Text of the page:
What Sayeth the Undecideds?

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From TIME’s Amy Sullivan:

Democratic pollster Stan Greenberg ran a dial-group with 45 undecided voters in St. Louis during the debate, polling them before and after to judge how the event changed their reactions to Obama and McCain. The group was mostly middle-aged, split evenly among education and class lines, and was heavily comprised of Bush 2004 voters.
First things first, the group thought Obama “won” the debate (38 to 27%, with 36% saying that neither candidate walked away with a clear win). But that judgment didn’t necessarily mean the Democrat won more support from the voters. At the beginning, they were all undecided; after the debate, half still weren’t sure who’d they vote for and the remainder split evenly between the two candidates.
The biggest shifts of the evening came on perceptions of personal attributes and on the issue of national security. Although the first half of the debate focused on economic questions and those concerns generally rank at the top of voter concerns, these St. Louis voters didn’t really hear anything that moved them. They responded positively to McCain’s emphasis on reducing spending and they didn’t respond negatively to anything Obama said about the economy. But at the end of the day, there was no shift in answer to the question of which candidate they trusted to handle the economy.
Both candidates saw their net favorability ratings rise over the course of the evening. McCain started off with a 22-point net and gained 9 points. But Obama went from a 6-point net favorability to plus-45, a shift of 39 points that placed him higher than McCain at the end of the debate (69% versus 62%).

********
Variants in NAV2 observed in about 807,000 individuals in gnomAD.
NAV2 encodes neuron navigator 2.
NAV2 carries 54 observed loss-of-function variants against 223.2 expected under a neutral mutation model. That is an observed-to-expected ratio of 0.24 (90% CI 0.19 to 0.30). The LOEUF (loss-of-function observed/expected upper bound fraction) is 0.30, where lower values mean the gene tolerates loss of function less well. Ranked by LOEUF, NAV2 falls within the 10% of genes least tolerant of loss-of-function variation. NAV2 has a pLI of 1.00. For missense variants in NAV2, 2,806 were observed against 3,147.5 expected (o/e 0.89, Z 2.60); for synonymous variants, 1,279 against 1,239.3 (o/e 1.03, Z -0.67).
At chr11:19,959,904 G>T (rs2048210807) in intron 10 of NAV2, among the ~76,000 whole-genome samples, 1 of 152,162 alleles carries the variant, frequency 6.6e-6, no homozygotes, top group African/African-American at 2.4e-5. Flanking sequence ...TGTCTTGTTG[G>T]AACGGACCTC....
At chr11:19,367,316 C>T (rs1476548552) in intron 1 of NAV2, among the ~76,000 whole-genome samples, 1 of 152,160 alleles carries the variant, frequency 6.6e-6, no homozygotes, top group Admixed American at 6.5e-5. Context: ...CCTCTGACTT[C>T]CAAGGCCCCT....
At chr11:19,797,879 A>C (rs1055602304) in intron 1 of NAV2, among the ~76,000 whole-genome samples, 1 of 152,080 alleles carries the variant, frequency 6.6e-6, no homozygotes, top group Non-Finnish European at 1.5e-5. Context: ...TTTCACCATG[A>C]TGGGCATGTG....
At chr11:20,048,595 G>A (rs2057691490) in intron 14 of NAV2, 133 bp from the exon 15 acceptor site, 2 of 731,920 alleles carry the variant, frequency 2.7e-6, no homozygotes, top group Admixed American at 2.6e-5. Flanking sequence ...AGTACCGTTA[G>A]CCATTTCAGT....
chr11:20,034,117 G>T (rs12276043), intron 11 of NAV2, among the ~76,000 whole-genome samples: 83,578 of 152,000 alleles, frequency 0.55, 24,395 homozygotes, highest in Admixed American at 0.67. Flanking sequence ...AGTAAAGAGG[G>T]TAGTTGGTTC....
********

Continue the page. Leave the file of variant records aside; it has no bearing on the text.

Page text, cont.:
McCain was seen as the more negative of the two—by 7 points before the debate and by 26 points after. The audience did not like it when he went after Obama for being “naïve” or used his oft-repeated “what Senator Obama doesn’t understand” line. When the two clashed directly in the second half of the debate, with Obama repeatedly protesting McCain’s characterization of his statements or positions, the voter dials went down. Voters appear to have judged McCain too negative in those encounters and Obama more favorably.
McCain maintained his advantage of the questions of who voters trust on Iraq and who is seen as a strong leader. There was a shift in the judgment of whether Obama “has what it takes to be president,” from 41% agreeing before the debate to 52% afterward. And Obama gained 11 points as the candidate who is seen as “being on your side.”
Since this was the official foreign policy debate of the campaign cycle, it is perhaps most significant that Obama managed to chip away at McCain’s advantage as the candidate voters trusted to handle national security questions. At the outset, McCain held a whopping 63-point lead on that issue; by the of the evening that had dropped to a 44-point advantage. That’s obviously still a huge liability for Obama. But some of his biggest dial-meters of the night came during his remarks about Russia (particularly his work with Dick Lugar on loose nukes) and on his argument that Iraq has distracted the administration from the situation in Afghanistan.
Finally, Obama’s comments on achieving energy independence were well-received and he improved his advantage on that issue from 20 points to 44 points throughout the evening.
As Greenberg noted while running through the results, dial group responses are often a bit exaggerated compared to the way ordinary viewers react to debates. But the direction of the responses is almost always consistent with the way polls and general opinion moves in the days following a debate.